Nov 23

Goldtree Brothers, pioneer merchants in San Luis Obispo and San Miguel

They advertised in the first issue of the first newspaper in San Luis Obispo, the San Luis Obispo Pioneer, and were the Wal-Mart of their day. The ad on January 4, 1868 touts

The Oldest Business House in San Luis Obispo. Established, 1856.”
Keep constantly on hand, and offer for sale to the public, their well selected and complete stock of all kinds of
boots and shoes ,
furnishing goods,
Of every description for Men, Women, Boy’s and Misses wear. Together with a large assortment of
paints, oils, varnish, medicines, stationery, tinware, crockery, lamps, liquors ETC.
All of our Goods are PURCHASED AT AUCTION, and we assure the Public that we are enabled to sell
Cheaper than the Cheapest!
All kinds of
Country Produce
Taken in exchange for Goods purchased.
Call and examine our stock before purchasing elsewhere.
All Orders from the Country promptly attended to.
San Luis Obispo, Jan. 4, 1868

Legal notice in the Nov. 27, 1857 Tribune told the story of the Goldtree business expanding to San Migue.

By 1875 business was doing well enough that the brothers Nathan, Isaac, Marcus and Morris were able to buy out partners in a store in San Miguel. Apparently Morris was an attorney and the brothers were a mainstay of local newspaper advertising in the latter half of the 1800s. Nathan was an early investor in what became the Pacific Coast Railway, the narrow gauge line built from Port San Luis, to San Luis Obispo and later to Los Olivos.
Isaac was selected as Chaplain of the American Legion of Honor organized in 1881. The organization included other prominent land holders and newspaper editors. The society was one of the few secret societies that allowed women to join without a sponsoring male relative.
The Goldtree brothers were involved in real estate, railroad development and retail businesses. The 1883 Myron Angel history of the county shows the Goldtree brothers owning 9.000 acres, one of the top landholders in the county.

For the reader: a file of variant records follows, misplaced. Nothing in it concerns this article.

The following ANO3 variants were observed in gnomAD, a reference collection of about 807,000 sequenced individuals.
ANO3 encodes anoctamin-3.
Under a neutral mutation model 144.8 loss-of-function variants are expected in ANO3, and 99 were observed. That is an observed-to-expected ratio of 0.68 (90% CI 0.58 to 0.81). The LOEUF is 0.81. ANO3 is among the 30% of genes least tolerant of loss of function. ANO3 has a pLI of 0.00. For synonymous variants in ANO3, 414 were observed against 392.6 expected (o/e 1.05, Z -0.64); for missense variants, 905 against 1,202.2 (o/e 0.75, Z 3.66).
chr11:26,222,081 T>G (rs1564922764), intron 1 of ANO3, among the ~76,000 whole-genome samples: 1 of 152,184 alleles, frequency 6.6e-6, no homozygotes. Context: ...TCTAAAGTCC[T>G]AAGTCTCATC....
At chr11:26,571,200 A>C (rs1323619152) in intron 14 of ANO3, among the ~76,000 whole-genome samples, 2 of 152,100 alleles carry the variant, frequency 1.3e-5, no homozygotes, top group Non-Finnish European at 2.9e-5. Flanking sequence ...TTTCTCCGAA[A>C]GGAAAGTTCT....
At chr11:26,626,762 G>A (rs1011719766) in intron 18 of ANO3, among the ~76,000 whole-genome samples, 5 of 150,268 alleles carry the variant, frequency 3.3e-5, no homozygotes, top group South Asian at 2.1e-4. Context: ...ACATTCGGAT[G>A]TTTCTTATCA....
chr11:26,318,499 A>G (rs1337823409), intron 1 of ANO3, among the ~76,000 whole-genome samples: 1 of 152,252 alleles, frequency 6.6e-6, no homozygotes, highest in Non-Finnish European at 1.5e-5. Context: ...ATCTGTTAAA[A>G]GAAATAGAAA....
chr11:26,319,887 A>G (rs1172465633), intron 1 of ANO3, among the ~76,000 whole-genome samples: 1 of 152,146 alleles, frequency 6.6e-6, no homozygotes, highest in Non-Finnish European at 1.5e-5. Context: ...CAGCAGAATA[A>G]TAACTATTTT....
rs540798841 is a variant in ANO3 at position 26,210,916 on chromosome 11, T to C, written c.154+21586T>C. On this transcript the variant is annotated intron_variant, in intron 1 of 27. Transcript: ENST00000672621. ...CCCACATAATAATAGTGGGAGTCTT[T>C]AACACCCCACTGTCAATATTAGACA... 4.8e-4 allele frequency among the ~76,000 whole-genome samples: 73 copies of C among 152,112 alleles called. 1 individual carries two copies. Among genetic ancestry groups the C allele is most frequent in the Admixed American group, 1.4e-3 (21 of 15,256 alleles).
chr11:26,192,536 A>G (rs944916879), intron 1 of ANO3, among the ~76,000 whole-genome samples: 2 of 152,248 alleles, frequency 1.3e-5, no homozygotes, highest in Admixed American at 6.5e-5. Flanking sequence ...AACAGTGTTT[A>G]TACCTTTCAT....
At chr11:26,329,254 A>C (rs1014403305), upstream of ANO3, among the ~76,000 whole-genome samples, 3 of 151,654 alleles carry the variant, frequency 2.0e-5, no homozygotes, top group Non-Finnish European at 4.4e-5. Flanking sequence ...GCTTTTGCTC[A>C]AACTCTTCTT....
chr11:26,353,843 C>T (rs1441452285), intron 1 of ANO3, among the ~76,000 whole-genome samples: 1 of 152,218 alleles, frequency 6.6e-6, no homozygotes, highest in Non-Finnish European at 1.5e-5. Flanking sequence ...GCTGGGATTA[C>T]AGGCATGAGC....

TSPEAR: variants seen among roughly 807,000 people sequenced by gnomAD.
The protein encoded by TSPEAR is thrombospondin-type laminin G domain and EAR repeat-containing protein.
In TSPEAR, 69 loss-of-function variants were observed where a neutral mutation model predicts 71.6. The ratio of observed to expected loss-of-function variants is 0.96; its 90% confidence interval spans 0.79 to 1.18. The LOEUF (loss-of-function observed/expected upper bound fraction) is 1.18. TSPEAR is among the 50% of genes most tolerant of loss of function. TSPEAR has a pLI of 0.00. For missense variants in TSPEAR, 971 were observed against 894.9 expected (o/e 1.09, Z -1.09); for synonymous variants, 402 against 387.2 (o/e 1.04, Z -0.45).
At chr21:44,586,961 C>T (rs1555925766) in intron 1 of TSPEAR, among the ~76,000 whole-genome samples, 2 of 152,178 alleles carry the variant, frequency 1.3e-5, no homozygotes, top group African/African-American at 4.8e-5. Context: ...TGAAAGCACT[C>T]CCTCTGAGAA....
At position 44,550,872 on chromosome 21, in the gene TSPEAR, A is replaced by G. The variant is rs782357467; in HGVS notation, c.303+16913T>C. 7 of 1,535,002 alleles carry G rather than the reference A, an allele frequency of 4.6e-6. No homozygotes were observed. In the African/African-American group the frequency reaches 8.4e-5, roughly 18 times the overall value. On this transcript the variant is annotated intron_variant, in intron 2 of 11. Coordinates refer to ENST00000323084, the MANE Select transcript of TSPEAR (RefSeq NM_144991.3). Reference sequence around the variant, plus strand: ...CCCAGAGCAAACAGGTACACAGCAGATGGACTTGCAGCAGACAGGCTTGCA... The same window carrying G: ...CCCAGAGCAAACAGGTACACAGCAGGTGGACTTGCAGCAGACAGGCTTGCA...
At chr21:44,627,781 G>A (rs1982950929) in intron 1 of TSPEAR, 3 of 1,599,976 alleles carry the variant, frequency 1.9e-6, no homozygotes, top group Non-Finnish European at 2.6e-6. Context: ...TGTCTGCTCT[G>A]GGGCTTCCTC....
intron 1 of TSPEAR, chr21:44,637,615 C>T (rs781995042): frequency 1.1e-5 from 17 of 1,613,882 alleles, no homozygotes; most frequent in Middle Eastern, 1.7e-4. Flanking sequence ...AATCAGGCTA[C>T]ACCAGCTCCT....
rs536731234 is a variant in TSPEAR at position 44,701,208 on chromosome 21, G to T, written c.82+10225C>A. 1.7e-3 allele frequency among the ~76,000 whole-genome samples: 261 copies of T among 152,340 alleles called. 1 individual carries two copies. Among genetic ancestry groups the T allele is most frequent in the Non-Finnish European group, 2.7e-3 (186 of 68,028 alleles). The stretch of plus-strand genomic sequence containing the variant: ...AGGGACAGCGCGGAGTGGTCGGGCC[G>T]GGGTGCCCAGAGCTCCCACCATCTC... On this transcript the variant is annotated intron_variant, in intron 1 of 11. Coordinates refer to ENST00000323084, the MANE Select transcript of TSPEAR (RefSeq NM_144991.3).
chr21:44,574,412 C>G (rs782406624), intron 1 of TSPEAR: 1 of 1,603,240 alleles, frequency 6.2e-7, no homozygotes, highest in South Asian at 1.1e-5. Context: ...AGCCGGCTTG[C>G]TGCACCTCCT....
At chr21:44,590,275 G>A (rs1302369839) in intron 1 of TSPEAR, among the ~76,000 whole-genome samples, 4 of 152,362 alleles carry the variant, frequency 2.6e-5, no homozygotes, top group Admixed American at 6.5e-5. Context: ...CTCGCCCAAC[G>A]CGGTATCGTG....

Later the brothers were active in the Committee of 21, the group of businessmen who smoothed the way for Southern Pacific to build the unfinished Coast Line link between Santa Margarita and Ellwood (Goleta). Also active in that group was Tribune editor Benjamin Brooks.
To honor their involvement, the Goldtrees were memorialized with a Southern Pacific station name. The location is between the Stenner Creek Bridge and the horseshoe curve behind the California Mens Colony. There were eight named stations between Santa Margarita and San Luis Obispo, only two were named for local lumniaries the other being Hathway, named for a doctor who furnished the land to the railroad in 1894.
By the early 1900s however the Goldtree name no longer appears in advertising.
What happened?
What is now the Garden Street Inn was the home of Morris and Helena Goldtree.
The Bed and Breakfast’s website tells part of the story.
Morris arrived with his brothers Nathan, Isaac and Marcus in 1858. The German/Jewish immigrants found success in the region, they established the Goldtree Block at the northeast corner of Chorro and Higuera Streets built in June 1883.
According to the Garden Street Inn website the family returned to native Germany at the beginning of the 20th century.
The return to the homeland would be short lived.
The family returned to America, escaping the Holocaust as Hitler assumed power in Germany.
Decedents of the family have stayed at the Inn.


One other advertisement of interest is the sale what looks to be a boatload of eucalyptus [gum] trees. Apparently William Dempsy had 4,000 trees he wanted to sell quickly if you had the cash. My guess this is one of the earliest mass plantings in the region of what is mostly an Australian native tree.

Thanks to the City/County Library for microfilm of the San Luis Obispo Pioneer and thanks to books Southern Pacific’s Coast Line by John Signor and Myron Angel’s History of San Luis Obispo County for historical details.

Related posts:

  1. Santa Claus is coming, San Luis Obispo ad 1875
  2. Monterey Street stories – San Luis Obispo
  3. San Luis Obispo Map, 1941
  4. San Luis Obispo Roundhouse
  5. James J. Ayers, founder of the San Francisco Call, editor of San Luis Obispo Tribune